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Cherchi-Usai, Paolo 1957-

CHERCHI-USAI, Paolo 1957-

PERSONAL: Born November 8, 1957, in Rossiglione, Italy; immigrated to United States, 1989; son of Licinio and Anita (Piccardo) Cherchi-Usai. Education: University of Genoa, Italy, doctorate, 1981. Hobbies and other interests: Music, art history, studies on creativity, research on artificial intelligence, landscape architecture.

ADDRESSES: Office—George Eastman House, 900 East Avenue, Rochester, NY 14607-2298. E-mail—[email protected]

CAREER: Film curator and historian. University of Rochester, Rochester, NY, adjunct professor of English. Lavoro, Genoa, Italy, editor of arts section, 1982-88; George Eastman House, Rochester, assistant curator, 1989-92, senior curator of film, 1994—; Royal Film Archive, Brussels, Belgium, head of preservation projects, 1993-94; Cineteca del Friuli, Gemona, Italy, deputy curator, 1986-88; Selznick School of Film Preservation, Rochester, director, 1996—; teacher at University of Liege and International School for Film Preservation, Bologna, Italy.

MEMBER: International Federation of Film Archives (member of board of directors, 1995—), Domitor Association for Early Cinema Studies (president, 1995—), Association of Moving Image Archivists, National Film Preservation Board, Society of Cinema Studies, Amis de Valentin Bru.

AWARDS, HONORS: Jean Vigo Award; Film Book of the Year Award, International Film Guide, 1991, for Silent Witnesses; Academy Book Year Award Choice, 1996, for Burning Passions.


The Vitagraph Company of America (1897-1916), Studio Tesi (Pordenone, Italy), 1987.

(Editor) Silent Witnesses: Russian Films, 1908-1917, British Film Institute (London, England), 1989.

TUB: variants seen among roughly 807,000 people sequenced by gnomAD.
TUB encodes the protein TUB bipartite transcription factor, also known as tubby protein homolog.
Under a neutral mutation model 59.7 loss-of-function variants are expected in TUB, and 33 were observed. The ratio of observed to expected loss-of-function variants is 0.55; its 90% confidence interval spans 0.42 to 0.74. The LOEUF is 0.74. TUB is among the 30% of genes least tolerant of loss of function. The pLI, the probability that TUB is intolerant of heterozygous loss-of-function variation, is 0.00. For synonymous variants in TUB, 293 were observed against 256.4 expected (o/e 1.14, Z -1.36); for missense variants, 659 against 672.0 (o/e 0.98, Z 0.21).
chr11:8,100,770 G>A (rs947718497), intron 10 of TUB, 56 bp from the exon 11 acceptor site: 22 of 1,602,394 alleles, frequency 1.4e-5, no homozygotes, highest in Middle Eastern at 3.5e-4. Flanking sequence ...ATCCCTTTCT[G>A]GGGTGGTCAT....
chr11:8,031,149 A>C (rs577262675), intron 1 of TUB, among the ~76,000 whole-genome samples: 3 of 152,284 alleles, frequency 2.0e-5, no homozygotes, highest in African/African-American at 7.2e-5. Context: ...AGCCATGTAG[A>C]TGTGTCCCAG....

Burning Passions: An Introduction to the Study of Silent Cinema, British Film Institute (London, England), 1995.

Silent Cinema: An Introduction, British Film Institute (London, England), 2000.

(Editor) The Griffith Project, British Film Institute (London, England), Volume 1: Films Produced 1907-1908, with Cynthia Rowell, 2000, Volume 2: Films Produced in January-June 1909, with Rowell, 2000, Volume 3: Films Produced in July-December 1909, with Rowell, 2000, Volume 4: Films Produced in 1910, 2001, Volume 5: Films Produced in 1911, 2002.

The Death of Cinema: History, Cultural Memory, and the Digital Dark Age, British Film Institute (London, England), 2001.

Contributor to Sight and Sound, Film History, Iris, and Hors Cadre; editor of Segnocinema, Griffithiana, and Journal of Film Preservation.

SIDELIGHTS: Paolo Cherchi-Usai is a film historian and film curator. He is adjunct professor and senior curator of the motion picture department at the George Eastman House and International Museum of Photography and Film in Rochester, New York. Cherchi-Usai's area of special interest is in early cinema, from the late nineteenth century to the early use of sound in films; in particular, he looks for correlations between film and other arts, including painting, architecture, literature, music, vaudeville, operetta, and caricature. He is the author of several books on early film.